This is a lovely piece from Cathy Rytmeister posted on her Facebook page and reproduced here with her kind permission. It encapsulates the wonderful inclusiveness and sense of community that is at the heart of our folk community especially at this time of collective grieving and loss.
It has been a very sad week for the folkie family, with the loss of much-loved characters from the vast and diverse crowd of familiar festival faces. I think we’re feeling it all the more because there is so much uncertainty about when – or whether – we can come together again to celebrate those lives in a way that matches their contribution to our own.
Our impulse and longing for collective mourning and remembering is frustrated by the pandemic. Our festivals are in abeyance, the scope of our sharing of music and friendship has shrunk to small gatherings and screen-mediated “contact”. We can’t give and receive the hugs and share the stories and beers and tears that we would in normal times.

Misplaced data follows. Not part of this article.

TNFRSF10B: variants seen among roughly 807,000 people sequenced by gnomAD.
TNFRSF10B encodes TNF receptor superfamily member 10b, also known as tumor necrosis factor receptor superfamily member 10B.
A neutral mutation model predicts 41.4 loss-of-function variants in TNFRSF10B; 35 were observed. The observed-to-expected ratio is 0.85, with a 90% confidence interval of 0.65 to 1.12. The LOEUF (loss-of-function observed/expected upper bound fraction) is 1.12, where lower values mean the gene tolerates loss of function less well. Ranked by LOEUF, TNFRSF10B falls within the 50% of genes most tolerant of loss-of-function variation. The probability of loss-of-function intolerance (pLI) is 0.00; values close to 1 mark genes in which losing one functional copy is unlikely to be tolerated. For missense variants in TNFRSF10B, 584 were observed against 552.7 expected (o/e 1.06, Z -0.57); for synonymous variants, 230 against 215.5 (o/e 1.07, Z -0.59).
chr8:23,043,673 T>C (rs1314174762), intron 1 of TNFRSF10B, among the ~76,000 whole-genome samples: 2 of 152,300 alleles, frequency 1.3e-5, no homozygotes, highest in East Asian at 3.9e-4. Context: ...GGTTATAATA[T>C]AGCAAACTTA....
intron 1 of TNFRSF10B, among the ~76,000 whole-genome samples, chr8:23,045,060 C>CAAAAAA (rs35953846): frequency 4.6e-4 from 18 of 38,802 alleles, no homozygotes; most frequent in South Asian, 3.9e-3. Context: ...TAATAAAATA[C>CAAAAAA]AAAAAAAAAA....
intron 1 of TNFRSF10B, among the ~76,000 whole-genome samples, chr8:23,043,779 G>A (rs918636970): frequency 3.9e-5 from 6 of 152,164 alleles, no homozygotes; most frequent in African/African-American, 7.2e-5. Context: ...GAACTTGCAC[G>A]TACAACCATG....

But anyone who doubts that we are indeed a community, held together by common experiences, the love of music and song shared and enjoyed together, and a strong sense of caring for each other, needs only to scroll through this week’s Facebook posts responding to the sad news we’ve had this week. And not just this week, but the responses to those who so generously and graciously and courageously shared their journeys with us, almost to the very end.
We have seen loving words in tribute, words of comfort for those left behind, hearts and hugs for our fellow mourners, songs and poems and stories and photos and videos… a collective canon of perspectives on those lives and the gifts they gave, that is so, so much more than the sum of its parts.
This isn’t a fairytale – our folkie community has its arguments, its differences, its factions and camps… but when it comes to the big things, loss and grief, my god we know how to hold each other close and support each other, even if it means doing it through emoji hugs instead of real ones, and glasses raised across the miles instead of together, and stories told on social media instead of at a wake, and tears shed in loungerooms and kitchens and cars instead of funerals and memorial gatherings.
I hope the collective outpouring of love and care from all over the world brings some comfort to the people closest to those who departed this week, as well as to the wider – much wider! – circle of those who knew, loved, liked and/or admired them.
“For the song goes on in the songs we sing
And when one song ends then another one begins
So the singers who are gone will be singing once again
When we sing the songs they sang”
From “The Song Goes On by Mick Ryan